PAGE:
In the brief moment during which my laptop is functioning, I feel it incumbent upon me to provide at least a few images of Sunday's Popeye Chicken-Enhanced Chicken Bowl. Given that this laptop will crash at any moment, let's see what I can post before it does ...
... And, indeed, crash it did. When will I learn to save, save, save? In any case, the house was filled with about 50 attendees - from as far away as New York City and Iola, Wisconsin. There were those who savored the food (which, yes, did include a black bean soup for the vegetarians in attendance), those who actually watched the Super Bowl, those who raced from room to room firing Nerf missiles (those racers, it should be noted, were among those still in grade school; none of those who were older came remotely close to the racers in energy level), and even a few who took photos (especially at the moment of the tiara-winning triumph of the attendee who earned the most points for chicken consumption).


Chicken Bowl XVI: It Begins!

Sunday, February 5, 2012

There are those who believe that national attention will be solely focused on the Super Bowl today - but I'm here to tell you that there are those whose sporting spirit will not wish to neglect the wonders of another form of competition. That form was initiated by Stephen Thompson a decade and a half ago, and followers have been impressed by his ongoing dedication to the sport. He has summarized the event for the National Public Radio website on its "Food" blog The Salt - and commenters there have already sneered at what they perceive as its frivolous nature. But come on: How many of you would have devoted yourself to this sort of annual event for so many years so devotedly?
So here I am in Maryland, preparing to be surrounded by chicken-eating devotees. Some of them may even watch the game while gorging. Stephen and I went yesterday to the Popeye's from which the chicken will be picked up today (and let me recommend this particular Popeye's establishment; the gentleman was charming, if a bit bemused: the Takoma Park restaurant on New Hampshire Avenue).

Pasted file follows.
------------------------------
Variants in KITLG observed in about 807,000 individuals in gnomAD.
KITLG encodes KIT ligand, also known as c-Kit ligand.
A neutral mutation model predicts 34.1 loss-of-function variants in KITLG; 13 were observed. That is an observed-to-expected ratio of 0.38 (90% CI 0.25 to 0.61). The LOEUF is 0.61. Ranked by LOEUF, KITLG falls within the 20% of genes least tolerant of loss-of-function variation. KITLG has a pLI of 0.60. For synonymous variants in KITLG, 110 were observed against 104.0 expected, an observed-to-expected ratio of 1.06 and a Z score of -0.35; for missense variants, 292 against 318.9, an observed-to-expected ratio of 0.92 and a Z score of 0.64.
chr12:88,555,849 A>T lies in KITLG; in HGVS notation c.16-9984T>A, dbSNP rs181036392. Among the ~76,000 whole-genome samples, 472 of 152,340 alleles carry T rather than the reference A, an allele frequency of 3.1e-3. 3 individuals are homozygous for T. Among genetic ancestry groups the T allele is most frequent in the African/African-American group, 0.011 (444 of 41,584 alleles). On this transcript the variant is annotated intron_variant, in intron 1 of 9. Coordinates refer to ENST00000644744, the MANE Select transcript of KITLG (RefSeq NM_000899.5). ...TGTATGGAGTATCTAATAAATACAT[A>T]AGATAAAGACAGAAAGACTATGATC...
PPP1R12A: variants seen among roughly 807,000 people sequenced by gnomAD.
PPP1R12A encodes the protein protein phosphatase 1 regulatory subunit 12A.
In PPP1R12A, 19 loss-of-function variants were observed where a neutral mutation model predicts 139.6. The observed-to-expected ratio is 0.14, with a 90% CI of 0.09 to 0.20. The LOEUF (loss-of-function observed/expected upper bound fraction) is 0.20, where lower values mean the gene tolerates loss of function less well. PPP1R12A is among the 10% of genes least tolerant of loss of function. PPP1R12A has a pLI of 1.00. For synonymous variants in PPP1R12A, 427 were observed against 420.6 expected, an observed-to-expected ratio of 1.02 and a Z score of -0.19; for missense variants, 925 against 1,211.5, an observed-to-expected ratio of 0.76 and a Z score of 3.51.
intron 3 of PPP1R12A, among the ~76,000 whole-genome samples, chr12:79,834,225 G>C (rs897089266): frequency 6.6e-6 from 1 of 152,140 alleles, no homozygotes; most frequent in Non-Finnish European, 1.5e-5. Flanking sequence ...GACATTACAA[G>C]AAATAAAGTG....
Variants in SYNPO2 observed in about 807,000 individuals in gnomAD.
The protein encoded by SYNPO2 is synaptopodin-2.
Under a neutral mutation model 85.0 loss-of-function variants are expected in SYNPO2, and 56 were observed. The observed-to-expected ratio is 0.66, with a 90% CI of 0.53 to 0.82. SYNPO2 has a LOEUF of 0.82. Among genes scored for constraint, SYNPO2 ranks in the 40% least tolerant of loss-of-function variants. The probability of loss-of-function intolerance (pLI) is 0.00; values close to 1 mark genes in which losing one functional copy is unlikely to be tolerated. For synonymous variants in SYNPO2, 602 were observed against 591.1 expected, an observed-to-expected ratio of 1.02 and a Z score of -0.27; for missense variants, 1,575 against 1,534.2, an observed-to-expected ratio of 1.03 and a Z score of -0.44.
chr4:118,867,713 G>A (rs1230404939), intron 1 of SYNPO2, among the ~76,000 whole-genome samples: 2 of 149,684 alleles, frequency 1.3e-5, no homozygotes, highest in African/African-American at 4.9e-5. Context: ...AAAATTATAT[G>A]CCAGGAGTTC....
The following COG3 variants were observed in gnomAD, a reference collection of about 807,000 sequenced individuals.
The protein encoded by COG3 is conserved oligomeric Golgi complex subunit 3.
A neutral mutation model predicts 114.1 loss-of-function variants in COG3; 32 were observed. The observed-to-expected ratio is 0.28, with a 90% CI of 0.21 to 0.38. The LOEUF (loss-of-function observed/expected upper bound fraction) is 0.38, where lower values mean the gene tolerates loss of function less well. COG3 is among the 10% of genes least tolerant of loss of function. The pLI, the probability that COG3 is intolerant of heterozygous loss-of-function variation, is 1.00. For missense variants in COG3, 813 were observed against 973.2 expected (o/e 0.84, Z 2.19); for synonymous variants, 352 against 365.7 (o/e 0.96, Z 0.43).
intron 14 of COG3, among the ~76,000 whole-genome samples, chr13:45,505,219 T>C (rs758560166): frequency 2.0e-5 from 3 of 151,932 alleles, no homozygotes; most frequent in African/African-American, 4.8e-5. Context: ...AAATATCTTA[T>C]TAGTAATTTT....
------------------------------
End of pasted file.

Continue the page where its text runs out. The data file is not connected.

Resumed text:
I've already managed to incapacitate myself slightly in all this: a missed step led to a certain bruising, including a swollen right foot. But the way I figure is that it will let me all the more empathize with the Super Bowl players requiring icing during Today's Other Event. But, of course, that'll be secondary to the true excitement. Up with chicken!


2012: My Year of Family and Anniversaries

Tuesday, January 31, 2012

March 2011 (left to right): Katy Curtis, Maggie Thompson, Paul Curtis, Grace Thompson, Stephen Thompson, Valerie Thompson, Devon Jaruk, Roy Jaruk, Jonah Thompson
This is one of those years of coincidental landmark line-ups. Consider: Mom and Dad were born in 1917. I was born in 1942. My sister Mary was born in 1947. I met Don in 1957. We were married in 1962. Valerie was born in [harrumph] Stephen was born in [another harrumph]. The Cleveland Press folded - and Don and I were hired by Krause Publications - in 1982, the year we moved to Wisconsin. It seemed to me that this is a logical year to celebrate all of that - and to get into more communications with family and friends. It was a shock to learn that my last remaining aunt (Dad's sister) and uncle (Mom's brother) died in 2011, so again: It's time to make an effort to reconnect - and this is a perfect time. I was thrilled to hear this month from a cousin I'd been trying to locate.
When was the last time you reached out to your brothers, sisters, aunts, uncles, cousins ...? This would be a great year to do it!